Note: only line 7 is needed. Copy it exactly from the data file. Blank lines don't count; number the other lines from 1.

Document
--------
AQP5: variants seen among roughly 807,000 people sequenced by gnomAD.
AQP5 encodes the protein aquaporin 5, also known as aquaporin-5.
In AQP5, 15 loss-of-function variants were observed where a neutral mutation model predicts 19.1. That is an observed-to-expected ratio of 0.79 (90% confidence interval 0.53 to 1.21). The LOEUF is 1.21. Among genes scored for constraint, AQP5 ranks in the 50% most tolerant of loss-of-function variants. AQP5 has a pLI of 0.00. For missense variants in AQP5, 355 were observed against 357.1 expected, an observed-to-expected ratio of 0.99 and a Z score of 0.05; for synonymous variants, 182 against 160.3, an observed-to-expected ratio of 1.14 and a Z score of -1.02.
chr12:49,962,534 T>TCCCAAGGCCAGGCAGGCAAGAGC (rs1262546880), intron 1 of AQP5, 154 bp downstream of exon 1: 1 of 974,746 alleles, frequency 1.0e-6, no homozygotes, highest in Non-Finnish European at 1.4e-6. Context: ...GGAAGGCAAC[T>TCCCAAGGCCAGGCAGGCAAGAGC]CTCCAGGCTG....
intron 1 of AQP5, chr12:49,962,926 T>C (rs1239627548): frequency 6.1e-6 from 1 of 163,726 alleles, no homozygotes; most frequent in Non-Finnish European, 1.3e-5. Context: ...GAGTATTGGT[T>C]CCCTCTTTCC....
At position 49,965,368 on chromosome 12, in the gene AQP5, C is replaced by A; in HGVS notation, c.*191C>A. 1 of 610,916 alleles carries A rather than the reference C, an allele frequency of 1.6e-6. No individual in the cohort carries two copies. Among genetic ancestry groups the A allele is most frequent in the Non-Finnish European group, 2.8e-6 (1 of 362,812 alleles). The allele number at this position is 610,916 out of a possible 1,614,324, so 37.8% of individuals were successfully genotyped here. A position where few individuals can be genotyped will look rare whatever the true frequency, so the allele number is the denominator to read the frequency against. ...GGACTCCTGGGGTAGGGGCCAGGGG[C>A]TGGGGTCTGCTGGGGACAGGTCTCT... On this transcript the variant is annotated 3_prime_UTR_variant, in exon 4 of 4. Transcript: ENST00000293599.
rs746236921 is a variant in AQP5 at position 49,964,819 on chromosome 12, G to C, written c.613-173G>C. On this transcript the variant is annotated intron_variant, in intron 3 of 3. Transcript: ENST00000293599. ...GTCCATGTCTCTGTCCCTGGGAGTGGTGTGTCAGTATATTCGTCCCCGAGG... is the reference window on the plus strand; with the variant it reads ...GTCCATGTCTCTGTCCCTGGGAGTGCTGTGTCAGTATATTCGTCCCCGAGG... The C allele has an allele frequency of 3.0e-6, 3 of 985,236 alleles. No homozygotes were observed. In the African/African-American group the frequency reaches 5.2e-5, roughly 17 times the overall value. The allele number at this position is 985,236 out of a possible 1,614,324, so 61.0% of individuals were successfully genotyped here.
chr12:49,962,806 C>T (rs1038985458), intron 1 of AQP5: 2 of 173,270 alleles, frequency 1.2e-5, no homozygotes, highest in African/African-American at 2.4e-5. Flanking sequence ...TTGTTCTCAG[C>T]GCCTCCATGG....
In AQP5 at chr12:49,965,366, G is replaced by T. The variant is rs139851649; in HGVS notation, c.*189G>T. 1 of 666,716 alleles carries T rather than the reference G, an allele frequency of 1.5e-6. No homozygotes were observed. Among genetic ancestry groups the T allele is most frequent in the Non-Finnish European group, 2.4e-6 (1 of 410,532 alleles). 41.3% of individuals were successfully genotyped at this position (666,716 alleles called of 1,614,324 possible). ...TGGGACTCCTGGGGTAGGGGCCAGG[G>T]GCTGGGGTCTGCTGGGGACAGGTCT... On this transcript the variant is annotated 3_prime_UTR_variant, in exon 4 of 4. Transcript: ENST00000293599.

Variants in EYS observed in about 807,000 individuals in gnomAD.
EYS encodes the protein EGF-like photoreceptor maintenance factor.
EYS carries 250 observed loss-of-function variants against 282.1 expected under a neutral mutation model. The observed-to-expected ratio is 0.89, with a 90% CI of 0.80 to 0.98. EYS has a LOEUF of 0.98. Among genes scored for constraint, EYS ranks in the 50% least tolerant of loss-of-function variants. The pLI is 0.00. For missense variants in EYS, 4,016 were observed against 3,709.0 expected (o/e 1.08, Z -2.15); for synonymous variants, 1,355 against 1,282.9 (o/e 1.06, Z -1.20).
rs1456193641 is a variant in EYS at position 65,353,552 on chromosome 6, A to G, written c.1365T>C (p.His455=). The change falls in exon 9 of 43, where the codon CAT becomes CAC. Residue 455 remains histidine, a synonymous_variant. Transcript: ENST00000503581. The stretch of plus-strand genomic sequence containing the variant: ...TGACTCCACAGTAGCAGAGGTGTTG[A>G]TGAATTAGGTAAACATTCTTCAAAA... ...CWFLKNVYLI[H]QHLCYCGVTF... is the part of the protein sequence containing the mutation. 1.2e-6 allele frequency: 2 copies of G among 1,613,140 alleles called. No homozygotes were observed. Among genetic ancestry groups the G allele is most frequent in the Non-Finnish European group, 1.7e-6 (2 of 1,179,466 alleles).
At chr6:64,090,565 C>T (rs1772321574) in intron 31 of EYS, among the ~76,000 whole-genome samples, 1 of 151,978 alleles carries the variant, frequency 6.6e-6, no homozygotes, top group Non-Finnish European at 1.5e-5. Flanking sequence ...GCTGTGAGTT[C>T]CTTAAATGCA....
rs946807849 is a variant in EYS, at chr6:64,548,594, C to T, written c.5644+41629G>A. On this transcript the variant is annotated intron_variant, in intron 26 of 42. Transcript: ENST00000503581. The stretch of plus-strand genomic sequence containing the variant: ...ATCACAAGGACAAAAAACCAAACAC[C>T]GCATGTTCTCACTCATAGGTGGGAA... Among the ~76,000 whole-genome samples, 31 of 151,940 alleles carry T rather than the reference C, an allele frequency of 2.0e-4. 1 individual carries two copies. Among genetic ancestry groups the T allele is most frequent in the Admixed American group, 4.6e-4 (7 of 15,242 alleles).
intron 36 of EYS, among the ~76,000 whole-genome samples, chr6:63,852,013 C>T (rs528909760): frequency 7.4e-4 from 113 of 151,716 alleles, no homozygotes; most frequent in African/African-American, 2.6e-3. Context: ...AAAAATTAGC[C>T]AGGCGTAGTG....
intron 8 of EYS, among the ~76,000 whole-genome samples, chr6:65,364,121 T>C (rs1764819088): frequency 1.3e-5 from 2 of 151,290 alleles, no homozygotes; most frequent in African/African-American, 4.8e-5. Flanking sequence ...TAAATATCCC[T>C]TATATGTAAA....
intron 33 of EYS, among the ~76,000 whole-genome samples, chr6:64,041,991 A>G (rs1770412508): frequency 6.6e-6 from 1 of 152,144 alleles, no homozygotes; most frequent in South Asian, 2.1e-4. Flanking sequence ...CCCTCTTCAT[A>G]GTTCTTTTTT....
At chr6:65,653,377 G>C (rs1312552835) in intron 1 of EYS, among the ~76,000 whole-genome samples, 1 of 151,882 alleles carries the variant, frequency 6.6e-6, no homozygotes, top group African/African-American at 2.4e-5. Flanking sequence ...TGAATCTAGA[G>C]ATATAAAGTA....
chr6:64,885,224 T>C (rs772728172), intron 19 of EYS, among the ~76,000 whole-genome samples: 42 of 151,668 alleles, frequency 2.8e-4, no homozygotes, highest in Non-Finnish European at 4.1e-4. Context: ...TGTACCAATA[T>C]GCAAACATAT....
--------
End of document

rs746236921 is a variant in AQP5 at position 49,964,819 on chromosome 12, G to C, written c.613-173G>C. On this transcript the variant is annotated intron_variant, in intron 3 of 3. Transcript: ENST00000293599. ...GTCCATGTCTCTGTCCCTGGGAGTGGTGTGTCAGTATATTCGTCCCCGAGG... is the reference window on the plus strand; with the variant it reads ...GTCCATGTCTCTGTCCCTGGGAGTGCTGTGTCAGTATATTCGTCCCCGAGG... The C allele has an allele frequency of 3.0e-6, 3 of 985,236 alleles. No homozygotes were observed. In the African/African-American group the frequency reaches 5.2e-5, roughly 17 times the overall value. The allele number at this position is 985,236 out of a possible 1,614,324, so 61.0% of individuals were successfully genotyped here.